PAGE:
The Religion of Early Rome
The Religion of Early Rome
The Romans honored the religion of their ancestors, whom they referred to as "the greater ones"—in Latin, the maiores. While the Greeks and all peoples in the ancient world also honored their ancestors' religions, the Romans were excessively conservative. They believed in superhuman divine beings as far back as surviving Roman history records exist, but at the same time, the Italian countryside that the Romans knew always remained the home of a multitude of little deities without human form. A grove of trees would be home to a god, as would a river or a stream or a spring. There was a host of small gods in charge of sowing the crops: the deus Occitor who looked after the harrowing, deus Sterculinius who looked after spreading manure on the fields, Sarritor who looked after hoeing, and Messor who looked after reaping, to name only a few of them. The priest of Ceres, the goddess of production, would invoke them all when he made sacrifice. Some of these unseen spirits were malevolent. Every 25 April, the Robigalia was held at a grove outside Rome to appease Robigo, who was the god—or goddess, for the Romans were not sure of Robigo's gender—of grain rust, the fungus which plagued the farmers' crops. The guts of a dog were burned on Robigo's altar and he was invited to stay away.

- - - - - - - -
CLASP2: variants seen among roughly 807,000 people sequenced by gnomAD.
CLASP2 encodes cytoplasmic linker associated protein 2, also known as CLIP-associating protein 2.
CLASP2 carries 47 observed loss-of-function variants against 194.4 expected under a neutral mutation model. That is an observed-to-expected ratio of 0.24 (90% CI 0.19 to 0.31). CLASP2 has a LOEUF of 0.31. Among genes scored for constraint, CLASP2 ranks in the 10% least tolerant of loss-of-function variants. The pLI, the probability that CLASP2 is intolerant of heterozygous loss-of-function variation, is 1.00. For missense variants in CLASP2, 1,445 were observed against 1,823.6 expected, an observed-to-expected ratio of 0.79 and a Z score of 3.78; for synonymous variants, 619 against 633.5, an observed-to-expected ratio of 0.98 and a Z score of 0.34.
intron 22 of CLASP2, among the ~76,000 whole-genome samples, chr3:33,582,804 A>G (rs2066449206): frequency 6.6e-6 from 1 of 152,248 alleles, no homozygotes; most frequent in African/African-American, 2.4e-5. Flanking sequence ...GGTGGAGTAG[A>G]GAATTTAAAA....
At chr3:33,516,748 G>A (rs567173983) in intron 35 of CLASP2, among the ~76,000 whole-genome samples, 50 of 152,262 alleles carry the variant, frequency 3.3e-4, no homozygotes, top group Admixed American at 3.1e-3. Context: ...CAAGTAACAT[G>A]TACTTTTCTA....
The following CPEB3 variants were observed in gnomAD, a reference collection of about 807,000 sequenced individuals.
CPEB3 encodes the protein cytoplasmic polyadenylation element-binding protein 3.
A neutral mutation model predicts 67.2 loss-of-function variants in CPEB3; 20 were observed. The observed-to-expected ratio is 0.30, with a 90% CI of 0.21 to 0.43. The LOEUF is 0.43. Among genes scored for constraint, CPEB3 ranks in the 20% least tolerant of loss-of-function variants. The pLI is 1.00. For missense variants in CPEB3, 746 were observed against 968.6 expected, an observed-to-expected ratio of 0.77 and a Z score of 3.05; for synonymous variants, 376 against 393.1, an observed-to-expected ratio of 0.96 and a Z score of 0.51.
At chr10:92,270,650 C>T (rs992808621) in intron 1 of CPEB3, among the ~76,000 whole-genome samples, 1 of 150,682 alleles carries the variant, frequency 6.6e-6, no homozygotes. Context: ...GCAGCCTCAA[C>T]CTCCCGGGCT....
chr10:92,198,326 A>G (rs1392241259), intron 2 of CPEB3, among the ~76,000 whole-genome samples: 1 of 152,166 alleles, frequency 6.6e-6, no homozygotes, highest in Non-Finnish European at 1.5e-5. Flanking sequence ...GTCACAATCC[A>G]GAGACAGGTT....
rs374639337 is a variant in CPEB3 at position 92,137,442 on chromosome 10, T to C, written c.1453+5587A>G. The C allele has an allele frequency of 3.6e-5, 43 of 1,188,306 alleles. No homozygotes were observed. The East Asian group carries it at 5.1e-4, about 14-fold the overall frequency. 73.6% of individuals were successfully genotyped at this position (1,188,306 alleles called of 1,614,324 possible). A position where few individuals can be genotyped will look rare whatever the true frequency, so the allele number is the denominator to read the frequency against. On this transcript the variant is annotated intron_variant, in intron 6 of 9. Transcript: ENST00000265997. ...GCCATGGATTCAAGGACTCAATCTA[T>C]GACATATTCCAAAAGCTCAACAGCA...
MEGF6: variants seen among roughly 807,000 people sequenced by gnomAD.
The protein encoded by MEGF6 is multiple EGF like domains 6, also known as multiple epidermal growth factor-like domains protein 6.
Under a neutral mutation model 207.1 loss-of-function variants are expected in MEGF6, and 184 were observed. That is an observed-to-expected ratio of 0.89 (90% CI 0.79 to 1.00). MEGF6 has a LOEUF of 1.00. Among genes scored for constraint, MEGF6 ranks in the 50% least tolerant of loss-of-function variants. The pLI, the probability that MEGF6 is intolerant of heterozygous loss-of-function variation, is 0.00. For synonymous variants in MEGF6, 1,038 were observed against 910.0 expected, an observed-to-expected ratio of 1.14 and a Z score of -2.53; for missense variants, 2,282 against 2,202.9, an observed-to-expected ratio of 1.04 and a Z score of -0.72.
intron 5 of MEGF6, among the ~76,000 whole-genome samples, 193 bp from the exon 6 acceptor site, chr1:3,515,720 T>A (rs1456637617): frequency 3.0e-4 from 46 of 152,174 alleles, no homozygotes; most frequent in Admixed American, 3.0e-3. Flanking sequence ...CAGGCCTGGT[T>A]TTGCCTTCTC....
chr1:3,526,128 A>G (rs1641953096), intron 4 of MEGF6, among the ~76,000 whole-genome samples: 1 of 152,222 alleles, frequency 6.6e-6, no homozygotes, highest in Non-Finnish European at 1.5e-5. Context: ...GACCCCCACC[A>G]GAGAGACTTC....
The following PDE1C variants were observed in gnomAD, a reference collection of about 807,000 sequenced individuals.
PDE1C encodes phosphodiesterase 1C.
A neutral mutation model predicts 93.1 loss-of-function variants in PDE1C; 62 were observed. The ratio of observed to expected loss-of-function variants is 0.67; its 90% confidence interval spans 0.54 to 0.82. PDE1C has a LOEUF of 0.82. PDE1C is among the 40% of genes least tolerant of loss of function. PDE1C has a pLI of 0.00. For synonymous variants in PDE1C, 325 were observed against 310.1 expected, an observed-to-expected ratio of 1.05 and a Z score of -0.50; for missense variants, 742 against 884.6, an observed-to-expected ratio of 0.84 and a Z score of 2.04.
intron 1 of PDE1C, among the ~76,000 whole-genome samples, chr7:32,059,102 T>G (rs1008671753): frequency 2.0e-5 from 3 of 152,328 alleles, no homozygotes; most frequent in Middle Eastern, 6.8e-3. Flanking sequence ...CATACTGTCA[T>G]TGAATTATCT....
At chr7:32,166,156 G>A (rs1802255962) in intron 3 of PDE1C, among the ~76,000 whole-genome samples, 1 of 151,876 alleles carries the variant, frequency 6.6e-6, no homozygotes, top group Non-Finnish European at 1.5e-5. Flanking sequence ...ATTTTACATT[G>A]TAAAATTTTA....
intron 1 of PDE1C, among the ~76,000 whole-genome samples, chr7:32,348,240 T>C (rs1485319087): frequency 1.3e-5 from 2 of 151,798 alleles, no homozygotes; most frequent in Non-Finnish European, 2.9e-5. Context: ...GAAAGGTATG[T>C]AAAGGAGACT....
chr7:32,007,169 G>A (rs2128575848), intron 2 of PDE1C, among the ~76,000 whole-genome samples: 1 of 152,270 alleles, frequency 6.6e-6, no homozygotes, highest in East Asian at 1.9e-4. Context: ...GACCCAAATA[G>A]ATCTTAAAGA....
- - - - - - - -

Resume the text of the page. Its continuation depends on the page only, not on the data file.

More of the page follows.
Keeping the Good Will of a Spirit.
Suppose a landowner had a wooded area on his farm and wanted to thin the trees. Cato the Elder, the earliest Latin writer to produce a treatise on agriculture, instructs his readers first to sacrifice a pig, and then to repeat this prayer:
Whether you who hold this grove sacred are a god or goddess, as it is proper to make you the sacrifice of a pig as a propitiative offering for disturbing this hallowed place, and hence, for these reasons whether I or someone designated by me carried out the sacrifice, provided that it be performed correctly, for this reason in sacrificing this pig, I pray in good faith that you be kindly and benevolent to me, my home, my family, and my children. For these reasons, accept the honor of the sacrifice of this pig as a propitiative offering.
It was not a sin to cut down trees. Roman religion was not greatly concerned with sin. Instead, the Romans regarded gods and goddesses as beings with rights and prerogatives, and one of them was the right not to be disturbed. If they were disturbed, they had to be propitiated. The prayer that Cato prescribed to appease the god of a grove that was about to be violated by a woodman's ax sounds like a legal proposition, and in a way, it was. Roman prayer always offered the god a bargain. If the god granted a petition, then the petitioner would do the god a service in return.
Gods of the Household.